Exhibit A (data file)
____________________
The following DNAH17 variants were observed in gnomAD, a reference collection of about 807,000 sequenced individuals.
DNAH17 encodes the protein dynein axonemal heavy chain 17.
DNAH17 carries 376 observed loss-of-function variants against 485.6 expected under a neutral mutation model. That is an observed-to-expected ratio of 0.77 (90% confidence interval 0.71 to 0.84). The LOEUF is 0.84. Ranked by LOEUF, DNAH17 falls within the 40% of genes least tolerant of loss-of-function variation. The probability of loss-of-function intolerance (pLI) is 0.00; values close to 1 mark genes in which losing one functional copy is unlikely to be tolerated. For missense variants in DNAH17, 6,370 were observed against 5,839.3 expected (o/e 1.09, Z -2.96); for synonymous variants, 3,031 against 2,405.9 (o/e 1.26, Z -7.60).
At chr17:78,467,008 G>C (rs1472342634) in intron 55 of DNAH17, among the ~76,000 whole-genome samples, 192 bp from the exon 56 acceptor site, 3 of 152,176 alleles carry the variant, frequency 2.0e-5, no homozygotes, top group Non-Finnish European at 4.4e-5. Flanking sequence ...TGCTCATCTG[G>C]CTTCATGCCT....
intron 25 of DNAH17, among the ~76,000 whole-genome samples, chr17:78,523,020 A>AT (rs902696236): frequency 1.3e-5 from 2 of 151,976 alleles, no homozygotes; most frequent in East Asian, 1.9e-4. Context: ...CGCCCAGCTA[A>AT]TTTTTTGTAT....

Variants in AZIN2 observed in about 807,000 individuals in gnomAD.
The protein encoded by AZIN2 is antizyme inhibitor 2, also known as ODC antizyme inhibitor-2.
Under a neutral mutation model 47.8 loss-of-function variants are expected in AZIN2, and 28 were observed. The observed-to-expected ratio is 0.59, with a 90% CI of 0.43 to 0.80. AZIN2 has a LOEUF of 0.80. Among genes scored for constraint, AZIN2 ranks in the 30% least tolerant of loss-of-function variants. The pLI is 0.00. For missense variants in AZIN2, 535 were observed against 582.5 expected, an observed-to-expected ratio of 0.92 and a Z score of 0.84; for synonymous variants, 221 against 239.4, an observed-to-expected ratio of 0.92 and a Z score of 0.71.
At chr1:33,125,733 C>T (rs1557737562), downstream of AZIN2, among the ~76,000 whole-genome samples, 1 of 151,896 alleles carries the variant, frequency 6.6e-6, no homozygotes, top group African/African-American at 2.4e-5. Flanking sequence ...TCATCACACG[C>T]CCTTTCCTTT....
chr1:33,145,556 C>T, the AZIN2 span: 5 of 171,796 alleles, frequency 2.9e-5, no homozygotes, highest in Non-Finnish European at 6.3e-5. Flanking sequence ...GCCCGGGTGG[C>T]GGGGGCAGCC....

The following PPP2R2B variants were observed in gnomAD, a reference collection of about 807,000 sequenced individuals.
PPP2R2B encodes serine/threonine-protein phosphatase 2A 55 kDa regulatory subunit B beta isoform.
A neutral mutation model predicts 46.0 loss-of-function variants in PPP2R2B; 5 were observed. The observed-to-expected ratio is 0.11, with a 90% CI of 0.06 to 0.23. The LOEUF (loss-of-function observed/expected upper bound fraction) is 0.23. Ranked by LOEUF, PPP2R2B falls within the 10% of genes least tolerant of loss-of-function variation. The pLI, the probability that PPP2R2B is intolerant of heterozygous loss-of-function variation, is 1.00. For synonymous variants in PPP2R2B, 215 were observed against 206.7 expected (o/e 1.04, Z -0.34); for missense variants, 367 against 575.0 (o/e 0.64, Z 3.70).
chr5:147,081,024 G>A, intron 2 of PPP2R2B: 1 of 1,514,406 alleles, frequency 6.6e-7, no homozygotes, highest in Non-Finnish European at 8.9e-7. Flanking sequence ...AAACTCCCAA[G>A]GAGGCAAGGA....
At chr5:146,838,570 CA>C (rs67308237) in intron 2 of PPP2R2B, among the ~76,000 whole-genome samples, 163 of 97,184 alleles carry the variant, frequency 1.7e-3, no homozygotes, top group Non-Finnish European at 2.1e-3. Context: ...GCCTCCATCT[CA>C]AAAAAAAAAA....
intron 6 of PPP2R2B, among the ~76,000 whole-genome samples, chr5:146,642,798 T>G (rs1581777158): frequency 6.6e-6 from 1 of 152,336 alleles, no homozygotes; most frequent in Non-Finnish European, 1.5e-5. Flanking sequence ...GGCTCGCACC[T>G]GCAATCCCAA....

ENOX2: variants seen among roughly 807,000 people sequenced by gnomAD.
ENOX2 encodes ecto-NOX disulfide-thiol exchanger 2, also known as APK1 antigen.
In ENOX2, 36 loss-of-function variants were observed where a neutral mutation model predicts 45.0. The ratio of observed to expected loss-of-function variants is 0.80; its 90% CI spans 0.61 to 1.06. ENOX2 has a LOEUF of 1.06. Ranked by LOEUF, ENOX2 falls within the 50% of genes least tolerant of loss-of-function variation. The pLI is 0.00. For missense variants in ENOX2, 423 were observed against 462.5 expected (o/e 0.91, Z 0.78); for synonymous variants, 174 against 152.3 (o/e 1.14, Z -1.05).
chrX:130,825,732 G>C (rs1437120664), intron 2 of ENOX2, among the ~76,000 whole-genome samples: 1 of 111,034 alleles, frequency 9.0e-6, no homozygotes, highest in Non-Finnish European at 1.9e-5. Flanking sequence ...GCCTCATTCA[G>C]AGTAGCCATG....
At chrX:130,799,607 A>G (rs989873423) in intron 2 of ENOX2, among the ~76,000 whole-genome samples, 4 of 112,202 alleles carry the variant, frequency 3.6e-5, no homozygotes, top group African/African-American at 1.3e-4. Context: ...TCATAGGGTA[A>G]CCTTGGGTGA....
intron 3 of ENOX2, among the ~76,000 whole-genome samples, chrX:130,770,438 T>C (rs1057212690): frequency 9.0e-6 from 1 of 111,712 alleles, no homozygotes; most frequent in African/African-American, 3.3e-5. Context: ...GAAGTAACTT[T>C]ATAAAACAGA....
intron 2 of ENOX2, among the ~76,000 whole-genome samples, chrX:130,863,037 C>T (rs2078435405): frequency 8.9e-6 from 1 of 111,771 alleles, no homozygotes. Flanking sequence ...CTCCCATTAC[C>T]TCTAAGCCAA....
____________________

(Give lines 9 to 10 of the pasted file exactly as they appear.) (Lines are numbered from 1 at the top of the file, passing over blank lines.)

At chr1:33,125,733 C>T (rs1557737562), downstream of AZIN2, among the ~76,000 whole-genome samples, 1 of 151,896 alleles carries the variant, frequency 6.6e-6, no homozygotes, top group African/African-American at 2.4e-5. Flanking sequence ...TCATCACACG[C>T]CCTTTCCTTT....
chr1:33,145,556 C>T, the AZIN2 span: 5 of 171,796 alleles, frequency 2.9e-5, no homozygotes, highest in Non-Finnish European at 6.3e-5. Flanking sequence ...GCCCGGGTGG[C>T]GGGGGCAGCC....